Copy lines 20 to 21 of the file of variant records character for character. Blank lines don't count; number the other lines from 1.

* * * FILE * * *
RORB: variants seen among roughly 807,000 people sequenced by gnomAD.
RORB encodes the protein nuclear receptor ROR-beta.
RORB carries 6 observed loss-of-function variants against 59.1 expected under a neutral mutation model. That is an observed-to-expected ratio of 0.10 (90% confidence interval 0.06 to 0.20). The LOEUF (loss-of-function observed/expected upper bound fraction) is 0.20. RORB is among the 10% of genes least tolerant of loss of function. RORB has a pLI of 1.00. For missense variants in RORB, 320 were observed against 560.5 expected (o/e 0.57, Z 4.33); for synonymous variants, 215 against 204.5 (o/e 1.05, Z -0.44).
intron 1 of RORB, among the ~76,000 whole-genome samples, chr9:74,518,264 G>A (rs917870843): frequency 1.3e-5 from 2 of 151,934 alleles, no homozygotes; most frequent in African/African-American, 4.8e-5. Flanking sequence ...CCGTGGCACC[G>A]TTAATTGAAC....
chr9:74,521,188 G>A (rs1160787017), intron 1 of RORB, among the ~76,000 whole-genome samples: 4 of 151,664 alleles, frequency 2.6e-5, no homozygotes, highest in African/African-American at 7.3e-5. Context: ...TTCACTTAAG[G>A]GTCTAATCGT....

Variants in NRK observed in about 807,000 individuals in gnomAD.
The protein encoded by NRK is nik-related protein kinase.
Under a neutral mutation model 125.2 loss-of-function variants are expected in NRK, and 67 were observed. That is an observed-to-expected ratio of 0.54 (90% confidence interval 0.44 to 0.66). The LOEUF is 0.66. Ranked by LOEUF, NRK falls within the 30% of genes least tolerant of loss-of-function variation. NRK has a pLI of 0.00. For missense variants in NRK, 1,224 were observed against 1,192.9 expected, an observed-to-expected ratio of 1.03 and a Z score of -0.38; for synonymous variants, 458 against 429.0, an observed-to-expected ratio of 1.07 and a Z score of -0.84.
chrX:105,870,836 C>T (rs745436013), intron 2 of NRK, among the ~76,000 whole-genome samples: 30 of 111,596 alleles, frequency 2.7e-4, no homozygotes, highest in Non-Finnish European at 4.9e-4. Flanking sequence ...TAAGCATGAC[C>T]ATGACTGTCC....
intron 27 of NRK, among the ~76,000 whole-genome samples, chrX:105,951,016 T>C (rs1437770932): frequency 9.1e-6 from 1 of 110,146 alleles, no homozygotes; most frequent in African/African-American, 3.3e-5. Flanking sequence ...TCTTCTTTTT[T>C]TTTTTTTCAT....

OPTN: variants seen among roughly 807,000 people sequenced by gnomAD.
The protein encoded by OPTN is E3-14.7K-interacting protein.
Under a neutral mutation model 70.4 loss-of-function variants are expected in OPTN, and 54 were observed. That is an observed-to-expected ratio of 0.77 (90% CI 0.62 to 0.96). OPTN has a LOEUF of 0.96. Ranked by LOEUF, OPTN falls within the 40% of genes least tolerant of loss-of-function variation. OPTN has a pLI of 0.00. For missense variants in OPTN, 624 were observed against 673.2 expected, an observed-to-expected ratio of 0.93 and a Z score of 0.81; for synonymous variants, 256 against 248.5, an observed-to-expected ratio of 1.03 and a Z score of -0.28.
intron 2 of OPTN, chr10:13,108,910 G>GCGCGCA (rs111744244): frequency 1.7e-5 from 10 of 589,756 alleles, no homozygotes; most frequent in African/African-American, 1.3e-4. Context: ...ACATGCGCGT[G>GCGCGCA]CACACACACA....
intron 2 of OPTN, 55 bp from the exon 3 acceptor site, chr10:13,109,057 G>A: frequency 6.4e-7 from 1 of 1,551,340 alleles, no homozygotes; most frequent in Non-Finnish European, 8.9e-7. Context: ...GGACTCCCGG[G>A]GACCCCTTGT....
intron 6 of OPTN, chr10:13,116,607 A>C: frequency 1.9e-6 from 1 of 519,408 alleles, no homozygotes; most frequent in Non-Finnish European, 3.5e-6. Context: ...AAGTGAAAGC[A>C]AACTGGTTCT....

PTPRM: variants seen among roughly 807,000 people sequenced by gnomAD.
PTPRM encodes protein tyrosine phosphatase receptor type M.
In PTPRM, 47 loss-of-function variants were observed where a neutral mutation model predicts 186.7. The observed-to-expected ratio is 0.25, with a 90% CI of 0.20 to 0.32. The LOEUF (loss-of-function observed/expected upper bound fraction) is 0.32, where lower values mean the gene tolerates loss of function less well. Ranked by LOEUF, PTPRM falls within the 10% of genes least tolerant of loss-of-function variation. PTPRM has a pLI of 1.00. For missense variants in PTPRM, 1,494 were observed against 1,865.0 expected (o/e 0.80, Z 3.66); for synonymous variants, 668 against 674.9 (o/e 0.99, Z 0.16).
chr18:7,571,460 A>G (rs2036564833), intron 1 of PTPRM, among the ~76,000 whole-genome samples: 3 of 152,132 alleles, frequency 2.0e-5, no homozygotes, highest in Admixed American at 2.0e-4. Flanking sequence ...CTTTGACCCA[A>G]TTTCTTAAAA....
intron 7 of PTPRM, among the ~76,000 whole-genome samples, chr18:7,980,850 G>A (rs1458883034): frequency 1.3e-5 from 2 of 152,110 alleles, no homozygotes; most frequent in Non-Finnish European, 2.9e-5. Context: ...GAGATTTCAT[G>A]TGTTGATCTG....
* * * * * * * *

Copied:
chr18:7,571,460 A>G (rs2036564833), intron 1 of PTPRM, among the ~76,000 whole-genome samples: 3 of 152,132 alleles, frequency 2.0e-5, no homozygotes, highest in Admixed American at 2.0e-4. Flanking sequence ...CTTTGACCCA[A>G]TTTCTTAAAA....
intron 7 of PTPRM, among the ~76,000 whole-genome samples, chr18:7,980,850 G>A (rs1458883034): frequency 1.3e-5 from 2 of 152,110 alleles, no homozygotes; most frequent in Non-Finnish European, 2.9e-5. Context: ...GAGATTTCAT[G>A]TGTTGATCTG....